Welcome to the second issue of the TRACeD newsletter! Our newsletter aims to share information on the project’s progress and next steps to support girls, young women, teachers, parents, authorities and professionals working with women and survivors of cyberviolence.
Within the framework of the project and in order to establish a clear evidence-based groundwork on the training needs of the target groups in Greece, Cyprus, Italy and Slovenia, a research plan was designed including 80 interviews with children, adolescent girls and students, as well as 36 focus groups with parents, teachers and professionals.
The main conclusion of this research which was carried out between June and August 2022 is the undeniable need for training all the target groups, particularly parents, teachers, children, and young women..
Τop research findings
- Children: The analysis of the qualitative data depicted that children are not trained in schools on cyberviolence and how to protect themselves. Many female participants are afraid of criticism, so they do not share cyberviolence sexual incidents with their parents, friends or public authorities. Children also express frustration, because they dο not know how to help survivors of cyberviolence.
- Parents: Parents underline that protecting minors from cyberviolence is a challenge, since their children are often more skilled (compared to them) in the use of technology. Although parents recognise the necessity of supervising their children’s online activity, the use of parental controls varies. Some parents consider parental control measures harmful to their relationship with children. Nonetheless, most parents share that they have monitored their children’s online use at least once.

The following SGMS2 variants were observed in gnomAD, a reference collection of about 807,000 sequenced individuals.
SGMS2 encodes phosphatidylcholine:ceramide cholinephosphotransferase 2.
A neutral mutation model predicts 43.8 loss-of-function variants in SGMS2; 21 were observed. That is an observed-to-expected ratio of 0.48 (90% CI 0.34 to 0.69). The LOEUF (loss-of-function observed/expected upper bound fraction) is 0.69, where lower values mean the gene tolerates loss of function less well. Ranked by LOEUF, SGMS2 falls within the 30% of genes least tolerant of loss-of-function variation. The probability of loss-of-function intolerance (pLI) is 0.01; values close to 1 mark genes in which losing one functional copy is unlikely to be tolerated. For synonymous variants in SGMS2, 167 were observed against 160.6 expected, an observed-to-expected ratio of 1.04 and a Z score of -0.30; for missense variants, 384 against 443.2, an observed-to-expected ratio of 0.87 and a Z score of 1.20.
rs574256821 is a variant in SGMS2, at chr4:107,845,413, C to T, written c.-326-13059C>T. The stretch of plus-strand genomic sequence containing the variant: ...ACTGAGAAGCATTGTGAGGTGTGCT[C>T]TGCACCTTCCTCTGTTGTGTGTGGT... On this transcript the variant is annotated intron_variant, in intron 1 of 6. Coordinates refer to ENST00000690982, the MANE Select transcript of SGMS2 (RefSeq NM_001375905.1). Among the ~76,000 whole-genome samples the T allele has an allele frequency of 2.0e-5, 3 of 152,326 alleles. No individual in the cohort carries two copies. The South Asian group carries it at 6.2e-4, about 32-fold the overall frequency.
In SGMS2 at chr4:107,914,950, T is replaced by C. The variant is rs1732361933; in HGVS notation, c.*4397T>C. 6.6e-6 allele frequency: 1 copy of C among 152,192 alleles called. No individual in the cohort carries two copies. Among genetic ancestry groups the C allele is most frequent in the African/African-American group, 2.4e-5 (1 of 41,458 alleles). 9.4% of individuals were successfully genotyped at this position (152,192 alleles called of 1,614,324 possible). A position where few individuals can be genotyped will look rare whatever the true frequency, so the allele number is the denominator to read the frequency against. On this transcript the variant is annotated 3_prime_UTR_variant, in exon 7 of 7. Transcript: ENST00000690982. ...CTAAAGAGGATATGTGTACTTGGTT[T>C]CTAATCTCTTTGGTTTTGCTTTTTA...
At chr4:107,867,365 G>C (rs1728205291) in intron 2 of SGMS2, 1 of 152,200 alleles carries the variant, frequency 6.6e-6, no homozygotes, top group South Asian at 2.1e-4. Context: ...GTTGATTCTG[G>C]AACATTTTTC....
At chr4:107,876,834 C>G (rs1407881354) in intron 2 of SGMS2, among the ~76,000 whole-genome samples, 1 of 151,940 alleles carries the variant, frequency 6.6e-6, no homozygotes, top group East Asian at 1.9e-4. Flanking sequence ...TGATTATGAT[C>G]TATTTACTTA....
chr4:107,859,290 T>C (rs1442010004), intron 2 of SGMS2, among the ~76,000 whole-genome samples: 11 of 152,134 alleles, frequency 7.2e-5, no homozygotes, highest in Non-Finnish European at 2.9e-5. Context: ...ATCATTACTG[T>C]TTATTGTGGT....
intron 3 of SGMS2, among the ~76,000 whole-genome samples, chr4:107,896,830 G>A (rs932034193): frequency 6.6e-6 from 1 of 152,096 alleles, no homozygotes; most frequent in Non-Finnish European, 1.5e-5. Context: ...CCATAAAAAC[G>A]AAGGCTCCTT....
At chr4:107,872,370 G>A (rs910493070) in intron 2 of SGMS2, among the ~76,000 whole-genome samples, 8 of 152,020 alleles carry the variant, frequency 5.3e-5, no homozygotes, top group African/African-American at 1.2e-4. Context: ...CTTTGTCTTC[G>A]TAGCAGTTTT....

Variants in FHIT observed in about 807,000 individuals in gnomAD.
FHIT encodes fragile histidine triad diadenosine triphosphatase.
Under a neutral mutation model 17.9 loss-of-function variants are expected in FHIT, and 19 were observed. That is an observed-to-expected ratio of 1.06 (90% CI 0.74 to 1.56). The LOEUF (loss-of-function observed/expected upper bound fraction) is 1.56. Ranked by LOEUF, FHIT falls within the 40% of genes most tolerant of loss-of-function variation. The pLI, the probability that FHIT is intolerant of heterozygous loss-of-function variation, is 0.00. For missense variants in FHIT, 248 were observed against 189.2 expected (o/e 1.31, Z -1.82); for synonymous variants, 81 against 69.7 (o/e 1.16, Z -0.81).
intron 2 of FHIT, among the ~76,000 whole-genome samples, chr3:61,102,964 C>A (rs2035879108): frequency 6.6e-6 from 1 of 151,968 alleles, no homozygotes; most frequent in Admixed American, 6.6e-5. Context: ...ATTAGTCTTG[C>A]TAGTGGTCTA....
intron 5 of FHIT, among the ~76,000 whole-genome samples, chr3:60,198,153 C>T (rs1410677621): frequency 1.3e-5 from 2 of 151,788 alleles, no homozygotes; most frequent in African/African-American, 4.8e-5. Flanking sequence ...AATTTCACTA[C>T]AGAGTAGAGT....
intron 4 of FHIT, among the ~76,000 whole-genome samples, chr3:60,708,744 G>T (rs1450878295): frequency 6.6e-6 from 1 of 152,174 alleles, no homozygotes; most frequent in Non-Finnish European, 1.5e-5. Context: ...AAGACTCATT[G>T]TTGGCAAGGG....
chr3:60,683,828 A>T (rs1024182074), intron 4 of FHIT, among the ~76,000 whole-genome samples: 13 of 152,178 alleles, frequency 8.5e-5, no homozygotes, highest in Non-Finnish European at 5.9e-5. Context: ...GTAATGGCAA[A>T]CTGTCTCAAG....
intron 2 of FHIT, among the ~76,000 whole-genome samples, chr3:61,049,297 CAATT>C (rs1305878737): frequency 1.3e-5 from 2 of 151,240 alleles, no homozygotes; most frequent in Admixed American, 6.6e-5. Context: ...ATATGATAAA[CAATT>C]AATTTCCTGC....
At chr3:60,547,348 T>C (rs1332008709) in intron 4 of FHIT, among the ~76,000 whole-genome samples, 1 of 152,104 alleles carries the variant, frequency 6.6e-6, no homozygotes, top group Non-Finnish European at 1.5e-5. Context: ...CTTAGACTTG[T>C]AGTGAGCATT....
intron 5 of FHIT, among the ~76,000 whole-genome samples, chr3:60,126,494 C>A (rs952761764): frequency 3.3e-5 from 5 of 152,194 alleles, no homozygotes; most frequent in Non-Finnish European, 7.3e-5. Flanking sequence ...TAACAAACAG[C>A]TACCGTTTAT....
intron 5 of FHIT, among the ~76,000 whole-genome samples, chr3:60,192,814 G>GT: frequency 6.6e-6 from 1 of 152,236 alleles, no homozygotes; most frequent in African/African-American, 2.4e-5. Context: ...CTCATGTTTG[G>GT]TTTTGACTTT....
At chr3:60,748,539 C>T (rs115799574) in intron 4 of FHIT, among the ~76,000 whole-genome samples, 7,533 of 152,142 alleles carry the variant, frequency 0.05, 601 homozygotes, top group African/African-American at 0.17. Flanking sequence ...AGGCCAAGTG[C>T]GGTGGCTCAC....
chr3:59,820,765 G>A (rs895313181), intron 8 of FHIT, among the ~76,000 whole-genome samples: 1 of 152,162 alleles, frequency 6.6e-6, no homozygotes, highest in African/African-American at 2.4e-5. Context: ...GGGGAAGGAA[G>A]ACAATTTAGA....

- Teachers: Teachers share their concerns on overstepping their authority, when it comes to helping students deal with cyberviolence. Furthermore, they express the need to enhance their own digital skills and highlight the inadequacy of measures applied within schools and the necessity to implement common guidelines and protocols.
- Professionals: Professionals working with girls and young women state that specialized counselling services to students should be integrated in schools, in order to support survivors of cyberviolence incidents. They also shared concerns on the high levels of impunity from authorities.
- Research corroborates the fact that cyberviolence is an emerging phenomenon.
- The lockdown period, imposed by the Covid-19 pandemic, contributed to the increased use of technology and the subsequent spread of cyberviolence together with gender-based stereotypes (i.e., objectification of the female body, denigration) and sexist hate speech.
- Different opinions are expressed on the adequacy of the legal and policy framework. Some interviewees believe it is adequate, while others claim it as gender-blind and ineffective, thus local authorities need to form a more solid framework when responding to cyberviolence incidents.
- Participants note the lack of sufficient resources and know-how; social services are burdened and their staff lacks experience and knowledge on responding to cyberviolence incidents.
- There is a need for schools to adopt a curriculum which encompasses sexual education, respect and gender equality. Students are currently not informed about their rights, prevention mechanisms and available services, in case of cyberviolence incidents.
What’s next? Stay tuned to learn about our project’s progress and activities!